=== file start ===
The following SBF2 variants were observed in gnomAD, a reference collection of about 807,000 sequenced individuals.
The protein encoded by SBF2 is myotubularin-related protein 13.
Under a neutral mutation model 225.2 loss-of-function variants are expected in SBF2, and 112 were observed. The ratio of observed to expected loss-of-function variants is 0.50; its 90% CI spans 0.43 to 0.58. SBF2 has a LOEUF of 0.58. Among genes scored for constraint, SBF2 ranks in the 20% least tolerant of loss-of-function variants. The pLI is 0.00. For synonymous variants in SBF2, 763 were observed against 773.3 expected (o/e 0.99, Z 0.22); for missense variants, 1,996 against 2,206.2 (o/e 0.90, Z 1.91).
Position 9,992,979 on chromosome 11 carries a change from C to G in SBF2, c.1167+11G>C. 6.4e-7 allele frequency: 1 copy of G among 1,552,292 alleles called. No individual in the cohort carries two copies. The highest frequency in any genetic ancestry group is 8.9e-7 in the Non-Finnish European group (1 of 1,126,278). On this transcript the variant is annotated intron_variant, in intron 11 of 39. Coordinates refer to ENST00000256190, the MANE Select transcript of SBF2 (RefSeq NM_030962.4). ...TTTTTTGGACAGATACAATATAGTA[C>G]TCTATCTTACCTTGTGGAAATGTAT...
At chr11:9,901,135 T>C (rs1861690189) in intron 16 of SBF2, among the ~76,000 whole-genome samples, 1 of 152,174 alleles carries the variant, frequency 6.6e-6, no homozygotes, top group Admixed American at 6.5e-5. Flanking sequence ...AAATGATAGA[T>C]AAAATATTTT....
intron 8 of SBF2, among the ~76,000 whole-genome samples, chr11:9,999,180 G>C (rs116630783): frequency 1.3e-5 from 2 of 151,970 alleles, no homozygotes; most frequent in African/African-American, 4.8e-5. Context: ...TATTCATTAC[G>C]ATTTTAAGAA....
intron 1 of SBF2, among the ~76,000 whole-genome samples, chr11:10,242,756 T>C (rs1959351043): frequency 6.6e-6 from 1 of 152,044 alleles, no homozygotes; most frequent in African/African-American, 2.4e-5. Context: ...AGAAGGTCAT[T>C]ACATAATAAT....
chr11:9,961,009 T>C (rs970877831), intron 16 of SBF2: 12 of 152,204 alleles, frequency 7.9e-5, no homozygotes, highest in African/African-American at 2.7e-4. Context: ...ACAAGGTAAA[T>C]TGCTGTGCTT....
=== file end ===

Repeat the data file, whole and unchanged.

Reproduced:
The following SBF2 variants were observed in gnomAD, a reference collection of about 807,000 sequenced individuals.
The protein encoded by SBF2 is myotubularin-related protein 13.
Under a neutral mutation model 225.2 loss-of-function variants are expected in SBF2, and 112 were observed. The ratio of observed to expected loss-of-function variants is 0.50; its 90% CI spans 0.43 to 0.58. SBF2 has a LOEUF of 0.58. Among genes scored for constraint, SBF2 ranks in the 20% least tolerant of loss-of-function variants. The pLI is 0.00. For synonymous variants in SBF2, 763 were observed against 773.3 expected (o/e 0.99, Z 0.22); for missense variants, 1,996 against 2,206.2 (o/e 0.90, Z 1.91).
Position 9,992,979 on chromosome 11 carries a change from C to G in SBF2, c.1167+11G>C. 6.4e-7 allele frequency: 1 copy of G among 1,552,292 alleles called. No individual in the cohort carries two copies. The highest frequency in any genetic ancestry group is 8.9e-7 in the Non-Finnish European group (1 of 1,126,278). On this transcript the variant is annotated intron_variant, in intron 11 of 39. Coordinates refer to ENST00000256190, the MANE Select transcript of SBF2 (RefSeq NM_030962.4). ...TTTTTTGGACAGATACAATATAGTA[C>G]TCTATCTTACCTTGTGGAAATGTAT...
At chr11:9,901,135 T>C (rs1861690189) in intron 16 of SBF2, among the ~76,000 whole-genome samples, 1 of 152,174 alleles carries the variant, frequency 6.6e-6, no homozygotes, top group Admixed American at 6.5e-5. Flanking sequence ...AAATGATAGA[T>C]AAAATATTTT....
intron 8 of SBF2, among the ~76,000 whole-genome samples, chr11:9,999,180 G>C (rs116630783): frequency 1.3e-5 from 2 of 151,970 alleles, no homozygotes; most frequent in African/African-American, 4.8e-5. Context: ...TATTCATTAC[G>C]ATTTTAAGAA....
intron 1 of SBF2, among the ~76,000 whole-genome samples, chr11:10,242,756 T>C (rs1959351043): frequency 6.6e-6 from 1 of 152,044 alleles, no homozygotes; most frequent in African/African-American, 2.4e-5. Context: ...AGAAGGTCAT[T>C]ACATAATAAT....
chr11:9,961,009 T>C (rs970877831), intron 16 of SBF2: 12 of 152,204 alleles, frequency 7.9e-5, no homozygotes, highest in African/African-American at 2.7e-4. Context: ...ACAAGGTAAA[T>C]TGCTGTGCTT....